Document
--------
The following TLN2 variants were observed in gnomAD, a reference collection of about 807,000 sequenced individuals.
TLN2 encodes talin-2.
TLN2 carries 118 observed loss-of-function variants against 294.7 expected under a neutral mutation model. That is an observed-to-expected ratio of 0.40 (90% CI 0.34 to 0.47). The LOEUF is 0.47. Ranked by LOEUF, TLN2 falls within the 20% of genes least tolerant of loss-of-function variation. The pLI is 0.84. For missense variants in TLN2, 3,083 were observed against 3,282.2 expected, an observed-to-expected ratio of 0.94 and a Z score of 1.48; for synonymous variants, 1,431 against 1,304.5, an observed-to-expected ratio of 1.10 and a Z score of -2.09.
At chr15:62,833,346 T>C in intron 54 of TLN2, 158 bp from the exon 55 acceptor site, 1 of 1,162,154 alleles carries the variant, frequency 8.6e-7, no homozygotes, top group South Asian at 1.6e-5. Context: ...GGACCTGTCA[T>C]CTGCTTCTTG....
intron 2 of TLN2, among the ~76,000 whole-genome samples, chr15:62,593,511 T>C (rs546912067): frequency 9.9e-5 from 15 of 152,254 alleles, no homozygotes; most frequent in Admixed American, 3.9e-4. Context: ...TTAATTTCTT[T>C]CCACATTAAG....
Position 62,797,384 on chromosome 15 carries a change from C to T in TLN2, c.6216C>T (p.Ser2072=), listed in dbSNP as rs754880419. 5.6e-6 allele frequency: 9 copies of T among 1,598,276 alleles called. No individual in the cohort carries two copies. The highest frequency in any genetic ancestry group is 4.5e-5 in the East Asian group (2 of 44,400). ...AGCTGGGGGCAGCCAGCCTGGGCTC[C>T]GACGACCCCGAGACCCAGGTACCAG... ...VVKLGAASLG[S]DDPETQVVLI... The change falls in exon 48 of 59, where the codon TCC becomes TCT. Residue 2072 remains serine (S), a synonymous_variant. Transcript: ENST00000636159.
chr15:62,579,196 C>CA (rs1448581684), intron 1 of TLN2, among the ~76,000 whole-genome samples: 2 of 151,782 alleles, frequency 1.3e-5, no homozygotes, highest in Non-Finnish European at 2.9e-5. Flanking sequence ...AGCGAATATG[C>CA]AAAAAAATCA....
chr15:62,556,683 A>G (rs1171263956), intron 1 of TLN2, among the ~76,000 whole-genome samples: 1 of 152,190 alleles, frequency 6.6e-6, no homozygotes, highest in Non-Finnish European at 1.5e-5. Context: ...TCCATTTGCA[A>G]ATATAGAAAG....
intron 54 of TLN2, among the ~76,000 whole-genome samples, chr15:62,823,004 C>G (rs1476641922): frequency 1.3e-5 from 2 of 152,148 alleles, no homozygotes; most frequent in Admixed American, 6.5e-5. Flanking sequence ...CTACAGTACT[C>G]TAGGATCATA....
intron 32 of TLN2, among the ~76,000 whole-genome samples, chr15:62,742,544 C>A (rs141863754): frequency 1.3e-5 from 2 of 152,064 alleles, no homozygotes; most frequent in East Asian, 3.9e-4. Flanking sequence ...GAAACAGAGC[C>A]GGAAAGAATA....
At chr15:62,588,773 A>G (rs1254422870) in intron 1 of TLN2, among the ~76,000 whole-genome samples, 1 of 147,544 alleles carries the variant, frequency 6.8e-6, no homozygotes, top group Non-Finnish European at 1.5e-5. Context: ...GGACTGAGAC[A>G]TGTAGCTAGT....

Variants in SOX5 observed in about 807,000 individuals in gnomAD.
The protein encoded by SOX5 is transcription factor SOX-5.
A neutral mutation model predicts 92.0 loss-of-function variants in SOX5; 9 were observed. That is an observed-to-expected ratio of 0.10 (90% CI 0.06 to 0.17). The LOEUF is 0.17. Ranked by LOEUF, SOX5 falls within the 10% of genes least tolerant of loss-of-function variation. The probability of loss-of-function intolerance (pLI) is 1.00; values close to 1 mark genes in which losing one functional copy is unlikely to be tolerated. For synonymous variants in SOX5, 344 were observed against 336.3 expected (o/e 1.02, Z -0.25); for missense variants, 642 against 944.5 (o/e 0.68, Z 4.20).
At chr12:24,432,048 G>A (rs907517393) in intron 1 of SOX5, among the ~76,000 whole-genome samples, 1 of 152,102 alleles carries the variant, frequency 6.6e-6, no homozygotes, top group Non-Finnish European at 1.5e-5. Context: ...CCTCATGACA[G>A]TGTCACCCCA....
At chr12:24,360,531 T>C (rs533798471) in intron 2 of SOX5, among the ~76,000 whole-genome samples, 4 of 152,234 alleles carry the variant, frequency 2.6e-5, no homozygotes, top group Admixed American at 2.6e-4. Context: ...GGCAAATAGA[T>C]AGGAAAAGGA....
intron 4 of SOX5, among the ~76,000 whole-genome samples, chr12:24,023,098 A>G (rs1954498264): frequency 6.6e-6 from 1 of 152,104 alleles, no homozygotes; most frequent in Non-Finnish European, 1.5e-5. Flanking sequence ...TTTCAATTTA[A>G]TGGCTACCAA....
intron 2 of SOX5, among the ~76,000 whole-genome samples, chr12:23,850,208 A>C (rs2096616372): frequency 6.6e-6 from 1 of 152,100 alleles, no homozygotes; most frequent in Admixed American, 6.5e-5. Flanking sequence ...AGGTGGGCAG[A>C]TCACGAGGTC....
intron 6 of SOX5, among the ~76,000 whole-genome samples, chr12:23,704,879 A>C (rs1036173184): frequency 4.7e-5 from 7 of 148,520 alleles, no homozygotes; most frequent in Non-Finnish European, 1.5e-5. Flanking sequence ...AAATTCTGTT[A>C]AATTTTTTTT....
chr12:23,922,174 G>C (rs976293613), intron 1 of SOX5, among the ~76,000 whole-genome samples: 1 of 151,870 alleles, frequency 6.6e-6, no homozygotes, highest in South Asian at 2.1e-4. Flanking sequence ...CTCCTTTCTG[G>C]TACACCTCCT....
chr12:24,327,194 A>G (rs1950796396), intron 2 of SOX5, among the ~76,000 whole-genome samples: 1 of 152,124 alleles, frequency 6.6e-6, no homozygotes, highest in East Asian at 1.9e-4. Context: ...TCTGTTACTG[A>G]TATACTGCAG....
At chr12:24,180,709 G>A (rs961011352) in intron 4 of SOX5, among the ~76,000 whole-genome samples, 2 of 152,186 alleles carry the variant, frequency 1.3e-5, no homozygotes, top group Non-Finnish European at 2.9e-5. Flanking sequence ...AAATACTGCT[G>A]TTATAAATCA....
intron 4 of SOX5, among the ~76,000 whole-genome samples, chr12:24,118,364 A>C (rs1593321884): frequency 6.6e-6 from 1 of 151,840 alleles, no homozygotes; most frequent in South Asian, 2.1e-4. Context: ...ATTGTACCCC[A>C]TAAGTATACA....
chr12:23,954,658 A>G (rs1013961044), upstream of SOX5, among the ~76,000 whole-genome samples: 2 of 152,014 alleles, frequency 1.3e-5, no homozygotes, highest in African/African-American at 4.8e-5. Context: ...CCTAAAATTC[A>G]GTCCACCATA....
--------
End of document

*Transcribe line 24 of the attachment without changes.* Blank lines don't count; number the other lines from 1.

chr12:23,954,658 A>G (rs1013961044), upstream of SOX5, among the ~76,000 whole-genome samples: 2 of 152,014 alleles, frequency 1.3e-5, no homozygotes, highest in African/African-American at 4.8e-5. Context: ...CCTAAAATTC[A>G]GTCCACCATA....